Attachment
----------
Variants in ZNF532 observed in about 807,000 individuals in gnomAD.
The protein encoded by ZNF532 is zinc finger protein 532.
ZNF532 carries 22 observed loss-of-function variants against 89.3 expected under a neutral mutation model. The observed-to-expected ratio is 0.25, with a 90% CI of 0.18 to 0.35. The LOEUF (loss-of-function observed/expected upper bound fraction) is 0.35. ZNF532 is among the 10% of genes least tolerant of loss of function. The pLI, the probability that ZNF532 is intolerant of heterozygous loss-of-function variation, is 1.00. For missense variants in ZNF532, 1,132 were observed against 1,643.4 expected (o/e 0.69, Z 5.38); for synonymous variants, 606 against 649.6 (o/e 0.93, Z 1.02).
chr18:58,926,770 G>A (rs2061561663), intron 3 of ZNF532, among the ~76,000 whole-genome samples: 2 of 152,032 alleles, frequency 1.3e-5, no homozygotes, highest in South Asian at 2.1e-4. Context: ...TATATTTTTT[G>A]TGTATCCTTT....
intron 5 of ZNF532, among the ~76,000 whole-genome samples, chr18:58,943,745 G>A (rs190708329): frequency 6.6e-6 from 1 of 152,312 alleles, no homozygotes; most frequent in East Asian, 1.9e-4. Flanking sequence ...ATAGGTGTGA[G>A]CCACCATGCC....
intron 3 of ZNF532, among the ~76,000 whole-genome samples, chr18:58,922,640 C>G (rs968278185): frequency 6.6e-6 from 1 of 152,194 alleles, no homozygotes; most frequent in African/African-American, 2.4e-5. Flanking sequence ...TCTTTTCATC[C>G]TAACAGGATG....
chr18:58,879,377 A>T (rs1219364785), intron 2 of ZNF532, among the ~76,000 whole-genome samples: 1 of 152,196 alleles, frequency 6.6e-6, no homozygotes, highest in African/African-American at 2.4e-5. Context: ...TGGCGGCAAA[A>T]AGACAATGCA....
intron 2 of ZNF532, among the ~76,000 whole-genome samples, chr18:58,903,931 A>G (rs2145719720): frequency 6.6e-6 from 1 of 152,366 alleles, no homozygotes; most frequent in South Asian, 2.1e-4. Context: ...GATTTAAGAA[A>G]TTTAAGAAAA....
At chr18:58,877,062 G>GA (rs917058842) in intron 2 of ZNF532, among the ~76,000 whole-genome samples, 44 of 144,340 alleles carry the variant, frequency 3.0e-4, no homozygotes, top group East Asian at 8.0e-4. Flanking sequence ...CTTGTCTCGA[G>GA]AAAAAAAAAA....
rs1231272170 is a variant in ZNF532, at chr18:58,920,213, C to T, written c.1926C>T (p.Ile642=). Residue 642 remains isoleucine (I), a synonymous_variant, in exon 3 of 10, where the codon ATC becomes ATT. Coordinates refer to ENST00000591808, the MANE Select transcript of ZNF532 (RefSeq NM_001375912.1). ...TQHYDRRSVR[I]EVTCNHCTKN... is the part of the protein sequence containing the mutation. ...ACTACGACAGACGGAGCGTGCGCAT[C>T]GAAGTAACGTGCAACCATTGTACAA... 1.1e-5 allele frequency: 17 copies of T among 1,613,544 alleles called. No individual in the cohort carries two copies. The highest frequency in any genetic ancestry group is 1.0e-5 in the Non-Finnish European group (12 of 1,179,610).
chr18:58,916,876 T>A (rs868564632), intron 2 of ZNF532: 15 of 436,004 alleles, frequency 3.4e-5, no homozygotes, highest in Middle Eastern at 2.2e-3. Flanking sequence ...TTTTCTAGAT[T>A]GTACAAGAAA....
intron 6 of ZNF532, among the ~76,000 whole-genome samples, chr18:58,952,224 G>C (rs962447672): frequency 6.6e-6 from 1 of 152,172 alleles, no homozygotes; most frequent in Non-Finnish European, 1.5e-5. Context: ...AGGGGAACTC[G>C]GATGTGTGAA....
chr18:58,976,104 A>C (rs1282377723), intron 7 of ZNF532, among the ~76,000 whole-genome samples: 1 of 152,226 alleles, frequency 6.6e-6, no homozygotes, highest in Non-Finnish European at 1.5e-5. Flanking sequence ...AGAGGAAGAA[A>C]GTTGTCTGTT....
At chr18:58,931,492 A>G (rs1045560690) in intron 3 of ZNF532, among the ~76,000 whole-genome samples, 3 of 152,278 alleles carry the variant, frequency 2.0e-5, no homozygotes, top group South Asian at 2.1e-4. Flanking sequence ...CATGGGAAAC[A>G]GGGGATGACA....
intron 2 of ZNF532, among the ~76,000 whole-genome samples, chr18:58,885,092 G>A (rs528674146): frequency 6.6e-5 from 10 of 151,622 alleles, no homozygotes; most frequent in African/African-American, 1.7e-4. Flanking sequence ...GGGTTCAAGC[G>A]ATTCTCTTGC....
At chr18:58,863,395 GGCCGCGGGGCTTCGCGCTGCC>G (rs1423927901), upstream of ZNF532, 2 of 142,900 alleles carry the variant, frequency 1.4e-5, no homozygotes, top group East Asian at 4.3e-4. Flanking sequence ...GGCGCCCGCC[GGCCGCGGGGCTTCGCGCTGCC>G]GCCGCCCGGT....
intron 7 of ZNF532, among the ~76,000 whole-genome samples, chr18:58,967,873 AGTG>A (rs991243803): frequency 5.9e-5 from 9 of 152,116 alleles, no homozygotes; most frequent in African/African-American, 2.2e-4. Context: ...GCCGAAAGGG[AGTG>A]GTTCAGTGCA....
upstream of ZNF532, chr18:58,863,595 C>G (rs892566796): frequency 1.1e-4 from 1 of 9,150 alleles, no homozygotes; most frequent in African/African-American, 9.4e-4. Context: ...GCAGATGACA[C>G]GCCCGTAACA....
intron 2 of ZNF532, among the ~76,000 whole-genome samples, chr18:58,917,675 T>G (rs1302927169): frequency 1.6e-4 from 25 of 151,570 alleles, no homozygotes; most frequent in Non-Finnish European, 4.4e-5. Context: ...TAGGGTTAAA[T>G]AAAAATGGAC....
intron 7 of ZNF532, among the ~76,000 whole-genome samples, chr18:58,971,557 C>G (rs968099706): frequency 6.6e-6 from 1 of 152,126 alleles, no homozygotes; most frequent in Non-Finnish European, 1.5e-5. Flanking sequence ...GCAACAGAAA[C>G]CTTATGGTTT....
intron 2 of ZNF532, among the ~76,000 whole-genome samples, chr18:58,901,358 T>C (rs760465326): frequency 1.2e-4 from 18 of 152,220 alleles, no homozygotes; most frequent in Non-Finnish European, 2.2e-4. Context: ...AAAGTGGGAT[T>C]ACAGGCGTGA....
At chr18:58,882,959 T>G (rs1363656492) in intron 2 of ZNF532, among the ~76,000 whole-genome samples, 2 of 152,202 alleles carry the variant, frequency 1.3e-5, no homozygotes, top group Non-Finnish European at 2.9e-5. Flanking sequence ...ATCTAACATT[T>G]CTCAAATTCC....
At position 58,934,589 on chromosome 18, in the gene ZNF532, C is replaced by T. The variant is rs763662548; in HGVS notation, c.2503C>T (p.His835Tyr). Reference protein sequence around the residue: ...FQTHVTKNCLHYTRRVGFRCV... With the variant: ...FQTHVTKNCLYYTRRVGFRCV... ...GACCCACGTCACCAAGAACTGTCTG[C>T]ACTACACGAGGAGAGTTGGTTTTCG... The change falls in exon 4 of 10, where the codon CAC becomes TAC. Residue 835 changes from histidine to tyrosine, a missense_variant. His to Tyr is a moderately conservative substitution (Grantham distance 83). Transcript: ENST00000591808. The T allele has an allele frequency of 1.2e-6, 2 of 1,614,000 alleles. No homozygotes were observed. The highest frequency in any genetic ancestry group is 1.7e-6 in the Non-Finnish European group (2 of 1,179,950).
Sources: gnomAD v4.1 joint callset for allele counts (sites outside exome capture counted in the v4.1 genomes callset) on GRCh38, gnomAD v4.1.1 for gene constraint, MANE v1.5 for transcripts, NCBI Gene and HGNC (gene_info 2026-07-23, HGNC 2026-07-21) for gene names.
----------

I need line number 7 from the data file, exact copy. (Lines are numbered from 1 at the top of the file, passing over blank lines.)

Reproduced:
chr18:58,879,377 A>T (rs1219364785), intron 2 of ZNF532, among the ~76,000 whole-genome samples: 1 of 152,196 alleles, frequency 6.6e-6, no homozygotes, highest in African/African-American at 2.4e-5. Context: ...TGGCGGCAAA[A>T]AGACAATGCA....